Minimum 6 weeks. Recommended:
>3 months for temporary risk factors – asses the factors at 3 monthly intervals
>6 months if the risk factors are permanent
Recurrence of DVT (when not on warfarin)
>6 months with temporary RF’s
Long-term with permanent RF’s
Recurrence of DVT (whilst on warfarin)
Paroxysmal nocturnal haemoglobinuria
2.5 – 3.0
3 weeks before, and 4 weeks after cardioversion. The cardioversion may be cancelled on the day if the INR <2
2.5 – 3.5
- The initial PT will be measured and an individual dose will be calculated. In an emergency situation, this step may be skipped.
- Patients will usually take an initial dose of 5-10mg. Then they will have subsequent doses of 5mg. Often at day * in the INR is measured, but it is unlikely the dose will be altered at this stage as the INR is likely to be too low.
- in patients requiring rapid anticoagulation, you can give 10mg/day for 2 days
- The maintenance dose is usually between 3-9mg. This needs to be taken at the same time every day.
- Monitoring – the INR has to be monitored regularly:
- Until the target INR is reached, it needs to be monitored EVERY DAY.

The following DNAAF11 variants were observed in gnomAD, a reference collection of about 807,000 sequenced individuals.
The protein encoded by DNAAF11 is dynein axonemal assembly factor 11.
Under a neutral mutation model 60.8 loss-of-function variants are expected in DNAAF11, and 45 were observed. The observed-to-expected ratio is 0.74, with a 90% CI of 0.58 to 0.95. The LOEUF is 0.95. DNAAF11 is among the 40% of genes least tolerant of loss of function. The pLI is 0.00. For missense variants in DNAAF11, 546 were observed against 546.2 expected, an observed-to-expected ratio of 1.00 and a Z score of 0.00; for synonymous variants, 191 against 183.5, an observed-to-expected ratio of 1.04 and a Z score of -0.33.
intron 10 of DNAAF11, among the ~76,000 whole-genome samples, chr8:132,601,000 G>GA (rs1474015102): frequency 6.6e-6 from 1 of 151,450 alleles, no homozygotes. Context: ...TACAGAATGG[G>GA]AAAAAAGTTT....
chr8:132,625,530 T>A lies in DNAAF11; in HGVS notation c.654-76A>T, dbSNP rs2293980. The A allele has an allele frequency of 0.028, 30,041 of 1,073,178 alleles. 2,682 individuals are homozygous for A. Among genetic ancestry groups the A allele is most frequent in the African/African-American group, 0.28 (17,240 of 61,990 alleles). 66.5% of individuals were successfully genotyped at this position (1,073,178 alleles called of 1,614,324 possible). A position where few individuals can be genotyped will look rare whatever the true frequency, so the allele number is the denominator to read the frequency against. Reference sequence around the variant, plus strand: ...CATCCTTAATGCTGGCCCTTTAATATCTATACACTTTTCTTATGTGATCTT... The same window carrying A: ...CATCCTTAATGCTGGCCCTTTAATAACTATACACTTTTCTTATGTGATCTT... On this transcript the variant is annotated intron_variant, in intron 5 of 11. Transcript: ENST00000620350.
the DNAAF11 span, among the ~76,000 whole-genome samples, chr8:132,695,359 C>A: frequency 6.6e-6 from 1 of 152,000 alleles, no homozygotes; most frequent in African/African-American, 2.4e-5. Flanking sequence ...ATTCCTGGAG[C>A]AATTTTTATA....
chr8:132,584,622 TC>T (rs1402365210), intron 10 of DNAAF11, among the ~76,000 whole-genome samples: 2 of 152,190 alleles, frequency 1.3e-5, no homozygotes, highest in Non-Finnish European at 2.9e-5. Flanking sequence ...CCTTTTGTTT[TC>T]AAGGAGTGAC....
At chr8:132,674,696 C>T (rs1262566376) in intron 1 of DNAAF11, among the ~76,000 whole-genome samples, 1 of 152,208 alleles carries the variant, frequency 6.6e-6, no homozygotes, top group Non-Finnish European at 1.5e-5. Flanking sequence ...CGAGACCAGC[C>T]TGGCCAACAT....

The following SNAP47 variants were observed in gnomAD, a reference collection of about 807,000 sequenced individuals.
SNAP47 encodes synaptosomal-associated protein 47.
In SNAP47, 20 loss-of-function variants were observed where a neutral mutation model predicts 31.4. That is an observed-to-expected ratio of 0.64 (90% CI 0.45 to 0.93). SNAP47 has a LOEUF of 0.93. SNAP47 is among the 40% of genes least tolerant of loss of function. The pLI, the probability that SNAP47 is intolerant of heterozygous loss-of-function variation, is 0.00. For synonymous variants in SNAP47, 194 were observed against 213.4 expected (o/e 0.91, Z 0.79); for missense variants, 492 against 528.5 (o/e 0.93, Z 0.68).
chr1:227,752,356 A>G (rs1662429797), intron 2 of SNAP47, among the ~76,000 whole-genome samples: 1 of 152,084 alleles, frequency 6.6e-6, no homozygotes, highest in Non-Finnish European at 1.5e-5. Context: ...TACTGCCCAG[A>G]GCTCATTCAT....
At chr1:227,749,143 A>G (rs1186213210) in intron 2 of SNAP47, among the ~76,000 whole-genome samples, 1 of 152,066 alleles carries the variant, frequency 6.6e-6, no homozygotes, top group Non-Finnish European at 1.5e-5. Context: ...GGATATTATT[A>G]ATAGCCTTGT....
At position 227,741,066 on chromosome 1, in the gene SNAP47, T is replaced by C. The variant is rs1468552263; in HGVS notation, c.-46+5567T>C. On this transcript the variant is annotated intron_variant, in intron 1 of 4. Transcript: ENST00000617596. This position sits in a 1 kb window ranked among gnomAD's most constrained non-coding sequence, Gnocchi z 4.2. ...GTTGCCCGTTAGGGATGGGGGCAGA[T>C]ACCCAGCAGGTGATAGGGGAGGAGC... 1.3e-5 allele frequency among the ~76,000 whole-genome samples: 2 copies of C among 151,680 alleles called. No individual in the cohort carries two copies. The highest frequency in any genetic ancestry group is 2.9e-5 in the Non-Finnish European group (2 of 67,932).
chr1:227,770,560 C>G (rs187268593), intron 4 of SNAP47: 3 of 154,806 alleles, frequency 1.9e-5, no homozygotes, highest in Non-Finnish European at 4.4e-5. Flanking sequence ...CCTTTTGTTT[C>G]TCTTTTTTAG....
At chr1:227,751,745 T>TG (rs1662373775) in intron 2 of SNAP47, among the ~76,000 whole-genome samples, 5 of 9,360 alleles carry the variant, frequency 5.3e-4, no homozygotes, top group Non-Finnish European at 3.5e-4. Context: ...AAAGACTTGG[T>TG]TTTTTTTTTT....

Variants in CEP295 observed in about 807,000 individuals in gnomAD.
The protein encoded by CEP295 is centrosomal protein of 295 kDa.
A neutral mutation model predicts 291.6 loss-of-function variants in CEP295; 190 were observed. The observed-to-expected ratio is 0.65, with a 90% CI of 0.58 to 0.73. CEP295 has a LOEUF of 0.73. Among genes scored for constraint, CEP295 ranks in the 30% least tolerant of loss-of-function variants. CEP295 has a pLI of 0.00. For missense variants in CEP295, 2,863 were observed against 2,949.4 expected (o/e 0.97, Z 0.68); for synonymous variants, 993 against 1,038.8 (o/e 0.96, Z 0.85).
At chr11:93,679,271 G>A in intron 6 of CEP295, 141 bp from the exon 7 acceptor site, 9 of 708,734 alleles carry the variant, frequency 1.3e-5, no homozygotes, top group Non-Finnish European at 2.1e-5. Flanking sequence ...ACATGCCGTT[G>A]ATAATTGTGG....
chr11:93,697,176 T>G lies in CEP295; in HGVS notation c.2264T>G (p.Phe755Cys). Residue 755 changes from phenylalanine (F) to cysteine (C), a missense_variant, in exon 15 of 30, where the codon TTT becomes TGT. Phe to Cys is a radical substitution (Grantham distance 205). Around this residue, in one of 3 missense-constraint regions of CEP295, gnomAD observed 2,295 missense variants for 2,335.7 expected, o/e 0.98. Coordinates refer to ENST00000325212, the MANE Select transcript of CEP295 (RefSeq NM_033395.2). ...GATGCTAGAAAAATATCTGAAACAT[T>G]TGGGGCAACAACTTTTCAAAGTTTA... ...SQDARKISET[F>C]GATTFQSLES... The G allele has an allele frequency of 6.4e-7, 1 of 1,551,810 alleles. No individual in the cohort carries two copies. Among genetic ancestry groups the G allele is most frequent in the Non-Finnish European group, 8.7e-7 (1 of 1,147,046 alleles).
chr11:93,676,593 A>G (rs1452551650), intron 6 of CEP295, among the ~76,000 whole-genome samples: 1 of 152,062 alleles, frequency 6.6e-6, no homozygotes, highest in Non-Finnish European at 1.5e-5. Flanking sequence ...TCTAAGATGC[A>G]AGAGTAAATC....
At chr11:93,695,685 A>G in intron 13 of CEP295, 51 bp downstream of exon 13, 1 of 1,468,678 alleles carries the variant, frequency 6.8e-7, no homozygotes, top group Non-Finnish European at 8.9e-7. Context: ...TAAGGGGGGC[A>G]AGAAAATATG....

- The target INR is reached when you have consistent INR values on 2 consecutive days
- Then you monitor 1-2 per week, until the week INR is stable.
- Now you can monitor every 6-12 weeks
- A change in the patient’s status, e.g. diagnosis of a new condition, requires more frequent monitoring.
- Monitoring is usually carried out at Anti-coagulant clinics. These may be available in primary or secondary centres
- Some patients may be able to self-monitor – this involves some training, but is accurate, and more convenient for patients. This basically involves an electronic portable coagulation monitoring device e.g. coagucheckS®. This looks a little bit like a glucose monitoring kit. Patients using such devices will still need regular checks at hospital to check they are using the device correctly, and managing their INR
- Take the prescribed dose at the same time every day
- Report and bruising or bleeding immediately
- Avoid pregnancy
- Avoid aspirin and other NSAID’s– use alternative painkillers / drugs. Paracetomol also interferes with the metabolism of warfarin, and vice/versa.
- Advise patients they can take up to 6 paracetomol/day when on warfarin – if they need further pain relief – seek medical advice.